In the post Motu Proprio reations for the liberalization of the 1962 missal are quite instructive. Pretty much the bishops you expected to act positively have and the ones that you would expect to act negatively have. No surprises there. It was also interesting to hear Raymond Arroyo writing in the WSJ reported that Bishop William S. Skylstad the current head of the USCCB "flatly told the pope that the U.S. bishops opposed any revival of the old rite"
The negative reactions mostly have a common thread that having both an ordinary and extraordinary form of the Mass for the Latin rite would cause division. No doubt there is some thruth to this since there are some 1962 missal onlyists who look down on the ordinary form of Mass as there will be some onlyists that look down on the older rite. But the argument about division seems rather odd since I would ask why are they worrying about it now?
The reality is there has already been liturgical division for years and that in many cases little was done, if anything, to rectify it. The experimentation and anything goes attitude that has been associated with the new Mass has created something fairly new in Catholic circles – that is parish shopping. Now I am not one to glorify older days because they were older days. No doubt before the implementation of the newer missal that the older rite was not always celebrated in a manner not worthy of it. Priests just going through the motions will always be a problem, though frankly I am amazed by those who do celebrate Mass each day in a worthy manner without falling into complacency. The sixties though were a time of change for change sake and Vatican II coinciding with this termultuos time had quite a synergetic effect.
But the decades that followed did little to correct for this massive bit of oscillation and while they are damped down from some of the wildest oscillations there is still much work to be done. I know just within my own diocese that the liturgical celebration of Mass varies widely in the different parishes I visit. It is sometimes hard to believe that they are all suppose to be based on the same liturgical books. Night at the Liturgical Improv is much more common than "read the black, do the red." The only real consistency you can expect at Mass is to hear a song by Haugen, Daas, or one of the other modern standards in so-called liturgical music. Though I have seen a decline in some of the more egregious liturgical abuses, especially after Redemptionis Sacramentum – your mileage may very.
Besides the celebration of the Mass there is also a wide divergence in what the Church teaches and what is taught at RCIA, CCD, other classes, and of course homilies. It is one thing to "offer it up" for banal music at Mass and and quite another to hear preached or taught doctrines that are not exactly orthodox. Experimentation didn’t stop at the liturgy but extended to all of parish life. Then there are the diocesan and other retreat centers that are so infected with fads and new agey feel good crap that would help propagate spiritual poison among the parishes and trickle down to the parishioner.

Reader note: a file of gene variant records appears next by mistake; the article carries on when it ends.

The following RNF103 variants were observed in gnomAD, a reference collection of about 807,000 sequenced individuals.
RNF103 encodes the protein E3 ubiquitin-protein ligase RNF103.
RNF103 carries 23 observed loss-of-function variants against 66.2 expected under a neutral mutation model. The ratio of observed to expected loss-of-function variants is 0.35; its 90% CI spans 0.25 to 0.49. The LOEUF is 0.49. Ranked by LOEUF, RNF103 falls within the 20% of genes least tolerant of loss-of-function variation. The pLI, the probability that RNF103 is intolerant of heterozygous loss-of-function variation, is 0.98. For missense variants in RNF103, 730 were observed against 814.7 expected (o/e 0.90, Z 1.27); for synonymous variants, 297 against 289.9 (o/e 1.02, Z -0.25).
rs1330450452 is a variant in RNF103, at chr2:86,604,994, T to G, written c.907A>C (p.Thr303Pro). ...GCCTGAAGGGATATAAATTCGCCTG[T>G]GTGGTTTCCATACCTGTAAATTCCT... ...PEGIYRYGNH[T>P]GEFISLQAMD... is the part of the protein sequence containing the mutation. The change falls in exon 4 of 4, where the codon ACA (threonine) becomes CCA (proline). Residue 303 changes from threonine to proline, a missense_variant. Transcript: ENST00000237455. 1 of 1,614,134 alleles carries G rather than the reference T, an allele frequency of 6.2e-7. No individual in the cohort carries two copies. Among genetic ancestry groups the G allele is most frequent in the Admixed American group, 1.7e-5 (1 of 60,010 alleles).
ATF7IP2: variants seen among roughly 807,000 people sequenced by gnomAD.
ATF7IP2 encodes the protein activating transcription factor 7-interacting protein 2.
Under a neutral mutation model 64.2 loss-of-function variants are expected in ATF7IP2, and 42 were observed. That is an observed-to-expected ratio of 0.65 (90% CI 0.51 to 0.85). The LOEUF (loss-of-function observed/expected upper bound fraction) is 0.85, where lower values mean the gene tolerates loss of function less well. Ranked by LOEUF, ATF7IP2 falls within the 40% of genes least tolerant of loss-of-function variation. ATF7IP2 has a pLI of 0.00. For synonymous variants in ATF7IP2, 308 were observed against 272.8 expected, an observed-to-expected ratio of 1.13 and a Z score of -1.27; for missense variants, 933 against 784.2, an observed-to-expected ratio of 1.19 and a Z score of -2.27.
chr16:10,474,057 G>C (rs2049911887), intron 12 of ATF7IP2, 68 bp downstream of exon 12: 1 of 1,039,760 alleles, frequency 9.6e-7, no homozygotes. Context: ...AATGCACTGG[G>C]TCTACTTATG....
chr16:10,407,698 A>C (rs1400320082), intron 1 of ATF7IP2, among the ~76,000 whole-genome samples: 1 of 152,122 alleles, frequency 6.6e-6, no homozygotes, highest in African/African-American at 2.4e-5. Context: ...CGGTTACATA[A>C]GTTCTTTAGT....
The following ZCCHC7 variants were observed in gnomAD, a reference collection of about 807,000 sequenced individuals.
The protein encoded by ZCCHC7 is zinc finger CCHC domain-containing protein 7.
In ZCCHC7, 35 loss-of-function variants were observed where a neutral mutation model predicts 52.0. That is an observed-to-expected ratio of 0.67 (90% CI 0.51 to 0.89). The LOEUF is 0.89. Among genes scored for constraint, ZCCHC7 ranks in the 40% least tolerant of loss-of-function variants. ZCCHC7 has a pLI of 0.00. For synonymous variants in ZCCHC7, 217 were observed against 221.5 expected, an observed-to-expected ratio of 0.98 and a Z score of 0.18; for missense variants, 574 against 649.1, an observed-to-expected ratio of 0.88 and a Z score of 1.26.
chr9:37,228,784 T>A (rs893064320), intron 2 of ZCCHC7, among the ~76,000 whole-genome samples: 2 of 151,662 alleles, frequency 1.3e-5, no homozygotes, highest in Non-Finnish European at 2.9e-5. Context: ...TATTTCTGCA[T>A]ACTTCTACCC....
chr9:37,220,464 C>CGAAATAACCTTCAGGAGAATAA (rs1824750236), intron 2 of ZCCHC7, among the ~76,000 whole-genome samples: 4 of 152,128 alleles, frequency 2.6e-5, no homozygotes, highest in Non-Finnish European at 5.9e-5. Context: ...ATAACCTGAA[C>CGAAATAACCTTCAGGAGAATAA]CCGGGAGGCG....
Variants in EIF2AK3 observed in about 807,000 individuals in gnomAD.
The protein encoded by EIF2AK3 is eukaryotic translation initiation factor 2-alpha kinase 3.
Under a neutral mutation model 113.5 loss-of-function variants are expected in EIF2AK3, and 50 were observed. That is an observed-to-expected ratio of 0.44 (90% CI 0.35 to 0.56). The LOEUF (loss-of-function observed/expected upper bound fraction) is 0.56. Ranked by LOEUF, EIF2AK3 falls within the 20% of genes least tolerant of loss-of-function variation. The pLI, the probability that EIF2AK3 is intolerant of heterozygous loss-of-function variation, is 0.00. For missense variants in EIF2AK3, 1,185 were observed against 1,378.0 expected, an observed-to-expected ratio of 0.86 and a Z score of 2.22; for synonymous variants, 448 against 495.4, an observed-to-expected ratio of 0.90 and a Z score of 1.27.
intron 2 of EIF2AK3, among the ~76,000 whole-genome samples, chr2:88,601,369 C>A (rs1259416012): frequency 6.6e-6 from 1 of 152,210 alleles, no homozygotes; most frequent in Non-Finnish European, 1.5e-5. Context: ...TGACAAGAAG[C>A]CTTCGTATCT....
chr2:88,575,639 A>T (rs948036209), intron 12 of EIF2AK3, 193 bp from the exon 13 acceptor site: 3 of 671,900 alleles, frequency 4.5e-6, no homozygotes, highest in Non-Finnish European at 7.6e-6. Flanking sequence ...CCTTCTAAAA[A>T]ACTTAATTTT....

As a result of much of this parish shopping has become the norm with both sides of the liturgical divide looking for parishes that have the liturgy they want. Seeing postings on blogs from people requesting information on orthodox parishes in cities they are moving to have become common. There is something quite wrong with that picture and yet we have bishops worrying about an impending liturgical divide. I do wonder where these episcopal Rip Van Winkles have been?
I really do admire those who stick with their local parishes despite problems knowing that regardless of how bad the music is and how the liturgy is celebrated that it is still the Holy Sacrifice of the Mass and that they are still receiving the Holy Eucharist. Mother Teresa talked about Jesus in his ‘distressing disguise’ and some Masses unfortunately bring that phrase to mind for me. I wish that I was a tenth as holy as those who are able to do this and mange to be patient and prayerful at Mass. I have a long way to go before I can put away my liturgical checklist and wishing to hunt down members of the parish’s choir after Mass and asking them if they have ever actually read any of the Church’s documents on sacred music. To not come up with some snarky mental reply when the priests starts asking if there is anybody visiting or whose birthday it is at the conclusion of Mass. Though I have made a little progress to that end. I once heard Jimmy Akin talking about handling this problem which must be more difficult for someone who knows every nuance of the liturgy. He said that he realized that it is not God’s will that the liturgy be a source of frustration and that this gives him more patience. For now prudence dictates that I mostly avoid the parishes most convenient to where I live and attend the one downtown where I went to RCIA.
Now I am not all doom and gloom and I don’t see the current situation worsening, but that things are moving in the right direction – albeit slowly. I just hope more bishops will realize that we are already in a liturgical divide and tying to frustrate the 1962 missal is not going to make the situation better.